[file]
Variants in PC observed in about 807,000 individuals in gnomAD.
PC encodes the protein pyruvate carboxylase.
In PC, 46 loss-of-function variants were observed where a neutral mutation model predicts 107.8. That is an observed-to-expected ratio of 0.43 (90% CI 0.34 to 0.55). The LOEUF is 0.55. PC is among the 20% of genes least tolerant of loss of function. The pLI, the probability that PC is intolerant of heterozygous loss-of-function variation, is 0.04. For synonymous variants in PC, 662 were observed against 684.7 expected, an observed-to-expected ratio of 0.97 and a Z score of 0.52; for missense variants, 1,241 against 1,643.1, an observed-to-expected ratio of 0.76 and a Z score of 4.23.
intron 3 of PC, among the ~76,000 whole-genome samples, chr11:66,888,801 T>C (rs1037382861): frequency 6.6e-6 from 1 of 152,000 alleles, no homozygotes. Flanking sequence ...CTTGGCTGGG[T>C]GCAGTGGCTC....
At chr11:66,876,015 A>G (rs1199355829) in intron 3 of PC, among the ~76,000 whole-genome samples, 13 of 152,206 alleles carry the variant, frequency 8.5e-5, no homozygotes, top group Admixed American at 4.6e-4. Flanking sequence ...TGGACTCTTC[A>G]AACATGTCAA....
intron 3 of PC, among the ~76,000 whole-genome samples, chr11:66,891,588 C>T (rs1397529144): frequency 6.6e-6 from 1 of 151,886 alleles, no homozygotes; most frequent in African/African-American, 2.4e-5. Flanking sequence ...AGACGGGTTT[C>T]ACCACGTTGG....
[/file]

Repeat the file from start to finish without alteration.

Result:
Variants in PC observed in about 807,000 individuals in gnomAD.
PC encodes the protein pyruvate carboxylase.
In PC, 46 loss-of-function variants were observed where a neutral mutation model predicts 107.8. That is an observed-to-expected ratio of 0.43 (90% CI 0.34 to 0.55). The LOEUF is 0.55. PC is among the 20% of genes least tolerant of loss of function. The pLI, the probability that PC is intolerant of heterozygous loss-of-function variation, is 0.04. For synonymous variants in PC, 662 were observed against 684.7 expected, an observed-to-expected ratio of 0.97 and a Z score of 0.52; for missense variants, 1,241 against 1,643.1, an observed-to-expected ratio of 0.76 and a Z score of 4.23.
intron 3 of PC, among the ~76,000 whole-genome samples, chr11:66,888,801 T>C (rs1037382861): frequency 6.6e-6 from 1 of 152,000 alleles, no homozygotes. Flanking sequence ...CTTGGCTGGG[T>C]GCAGTGGCTC....
At chr11:66,876,015 A>G (rs1199355829) in intron 3 of PC, among the ~76,000 whole-genome samples, 13 of 152,206 alleles carry the variant, frequency 8.5e-5, no homozygotes, top group Admixed American at 4.6e-4. Flanking sequence ...TGGACTCTTC[A>G]AACATGTCAA....
intron 3 of PC, among the ~76,000 whole-genome samples, chr11:66,891,588 C>T (rs1397529144): frequency 6.6e-6 from 1 of 151,886 alleles, no homozygotes; most frequent in African/African-American, 2.4e-5. Flanking sequence ...AGACGGGTTT[C>T]ACCACGTTGG....